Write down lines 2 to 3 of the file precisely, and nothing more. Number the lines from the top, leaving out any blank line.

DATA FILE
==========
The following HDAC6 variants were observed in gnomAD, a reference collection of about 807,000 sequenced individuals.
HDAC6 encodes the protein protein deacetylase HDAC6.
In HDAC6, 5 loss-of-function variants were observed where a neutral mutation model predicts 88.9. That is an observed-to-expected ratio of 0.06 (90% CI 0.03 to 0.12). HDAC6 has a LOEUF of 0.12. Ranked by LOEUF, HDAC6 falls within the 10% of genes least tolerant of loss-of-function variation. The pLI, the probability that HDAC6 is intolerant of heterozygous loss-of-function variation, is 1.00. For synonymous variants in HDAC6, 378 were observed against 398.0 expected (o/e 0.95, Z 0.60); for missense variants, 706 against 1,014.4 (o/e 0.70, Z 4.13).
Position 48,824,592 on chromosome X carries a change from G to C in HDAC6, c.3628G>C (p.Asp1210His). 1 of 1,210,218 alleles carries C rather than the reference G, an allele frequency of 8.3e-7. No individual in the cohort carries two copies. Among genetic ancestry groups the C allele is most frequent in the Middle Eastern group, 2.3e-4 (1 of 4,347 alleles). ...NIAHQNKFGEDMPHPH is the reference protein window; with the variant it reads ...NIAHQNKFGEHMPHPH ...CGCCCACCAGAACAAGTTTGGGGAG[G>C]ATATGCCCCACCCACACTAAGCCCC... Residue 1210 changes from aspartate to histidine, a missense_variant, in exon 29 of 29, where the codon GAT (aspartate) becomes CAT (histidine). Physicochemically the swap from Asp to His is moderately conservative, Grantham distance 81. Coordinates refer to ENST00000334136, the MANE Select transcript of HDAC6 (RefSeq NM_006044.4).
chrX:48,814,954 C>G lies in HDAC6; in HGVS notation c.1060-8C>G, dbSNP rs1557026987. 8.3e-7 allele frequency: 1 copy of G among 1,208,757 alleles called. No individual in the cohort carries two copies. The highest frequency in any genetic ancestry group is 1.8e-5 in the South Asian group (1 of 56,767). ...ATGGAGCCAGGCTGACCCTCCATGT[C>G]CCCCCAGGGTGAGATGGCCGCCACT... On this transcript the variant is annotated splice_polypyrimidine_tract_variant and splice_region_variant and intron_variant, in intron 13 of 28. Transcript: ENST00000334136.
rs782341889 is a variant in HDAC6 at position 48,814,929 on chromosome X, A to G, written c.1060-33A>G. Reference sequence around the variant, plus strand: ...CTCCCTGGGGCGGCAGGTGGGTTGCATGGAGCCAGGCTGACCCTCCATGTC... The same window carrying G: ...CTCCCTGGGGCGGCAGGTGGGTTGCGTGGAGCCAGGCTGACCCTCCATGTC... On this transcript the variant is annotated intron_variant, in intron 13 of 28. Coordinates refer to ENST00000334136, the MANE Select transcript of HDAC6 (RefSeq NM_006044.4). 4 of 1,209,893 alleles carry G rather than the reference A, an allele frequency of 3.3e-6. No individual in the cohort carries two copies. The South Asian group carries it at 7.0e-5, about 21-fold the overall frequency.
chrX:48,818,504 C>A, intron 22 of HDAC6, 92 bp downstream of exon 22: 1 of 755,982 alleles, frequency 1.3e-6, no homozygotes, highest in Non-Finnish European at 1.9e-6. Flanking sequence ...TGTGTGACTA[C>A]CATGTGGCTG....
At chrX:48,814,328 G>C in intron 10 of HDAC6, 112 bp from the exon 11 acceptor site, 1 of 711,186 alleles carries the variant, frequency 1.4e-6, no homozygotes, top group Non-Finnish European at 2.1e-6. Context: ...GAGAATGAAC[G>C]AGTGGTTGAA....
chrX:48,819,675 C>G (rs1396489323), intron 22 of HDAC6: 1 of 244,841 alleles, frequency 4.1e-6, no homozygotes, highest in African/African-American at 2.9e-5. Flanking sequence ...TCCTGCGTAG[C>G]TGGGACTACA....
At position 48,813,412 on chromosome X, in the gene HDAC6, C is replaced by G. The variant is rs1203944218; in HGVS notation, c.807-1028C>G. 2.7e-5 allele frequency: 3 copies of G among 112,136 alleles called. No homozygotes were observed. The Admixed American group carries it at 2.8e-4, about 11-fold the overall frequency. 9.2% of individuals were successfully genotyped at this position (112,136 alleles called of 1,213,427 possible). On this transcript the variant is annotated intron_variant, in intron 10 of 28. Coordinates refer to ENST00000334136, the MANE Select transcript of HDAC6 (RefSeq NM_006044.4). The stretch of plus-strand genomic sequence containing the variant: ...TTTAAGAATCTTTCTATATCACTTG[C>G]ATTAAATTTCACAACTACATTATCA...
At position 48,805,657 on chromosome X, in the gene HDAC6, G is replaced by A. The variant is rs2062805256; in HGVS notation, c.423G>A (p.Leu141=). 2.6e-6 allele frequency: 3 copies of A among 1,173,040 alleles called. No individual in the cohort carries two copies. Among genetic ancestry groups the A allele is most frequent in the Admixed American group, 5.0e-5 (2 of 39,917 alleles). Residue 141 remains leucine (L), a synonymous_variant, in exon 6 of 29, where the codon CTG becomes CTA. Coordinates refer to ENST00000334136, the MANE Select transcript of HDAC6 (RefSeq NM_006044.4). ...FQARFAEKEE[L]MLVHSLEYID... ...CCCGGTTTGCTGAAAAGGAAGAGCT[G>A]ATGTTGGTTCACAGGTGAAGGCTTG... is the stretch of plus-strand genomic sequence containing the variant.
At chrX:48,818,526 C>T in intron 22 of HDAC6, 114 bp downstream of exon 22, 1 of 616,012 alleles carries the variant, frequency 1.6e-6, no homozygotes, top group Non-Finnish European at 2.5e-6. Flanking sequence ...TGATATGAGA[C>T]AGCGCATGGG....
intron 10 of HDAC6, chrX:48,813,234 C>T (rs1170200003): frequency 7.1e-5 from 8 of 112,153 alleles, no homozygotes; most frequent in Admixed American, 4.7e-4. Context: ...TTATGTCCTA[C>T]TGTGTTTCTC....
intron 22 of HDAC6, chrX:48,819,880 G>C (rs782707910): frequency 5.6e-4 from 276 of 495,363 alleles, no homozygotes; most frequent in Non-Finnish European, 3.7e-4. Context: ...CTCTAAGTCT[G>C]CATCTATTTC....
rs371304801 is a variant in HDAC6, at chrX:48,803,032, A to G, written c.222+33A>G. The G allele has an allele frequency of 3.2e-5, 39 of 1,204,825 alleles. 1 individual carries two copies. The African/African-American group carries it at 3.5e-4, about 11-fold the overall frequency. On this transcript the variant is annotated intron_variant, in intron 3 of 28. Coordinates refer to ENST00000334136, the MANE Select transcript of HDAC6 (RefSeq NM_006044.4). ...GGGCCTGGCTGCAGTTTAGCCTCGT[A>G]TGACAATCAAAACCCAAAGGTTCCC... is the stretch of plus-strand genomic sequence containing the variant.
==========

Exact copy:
HDAC6 encodes the protein protein deacetylase HDAC6.
In HDAC6, 5 loss-of-function variants were observed where a neutral mutation model predicts 88.9. That is an observed-to-expected ratio of 0.06 (90% CI 0.03 to 0.12). HDAC6 has a LOEUF of 0.12. Ranked by LOEUF, HDAC6 falls within the 10% of genes least tolerant of loss-of-function variation. The pLI, the probability that HDAC6 is intolerant of heterozygous loss-of-function variation, is 1.00. For synonymous variants in HDAC6, 378 were observed against 398.0 expected (o/e 0.95, Z 0.60); for missense variants, 706 against 1,014.4 (o/e 0.70, Z 4.13).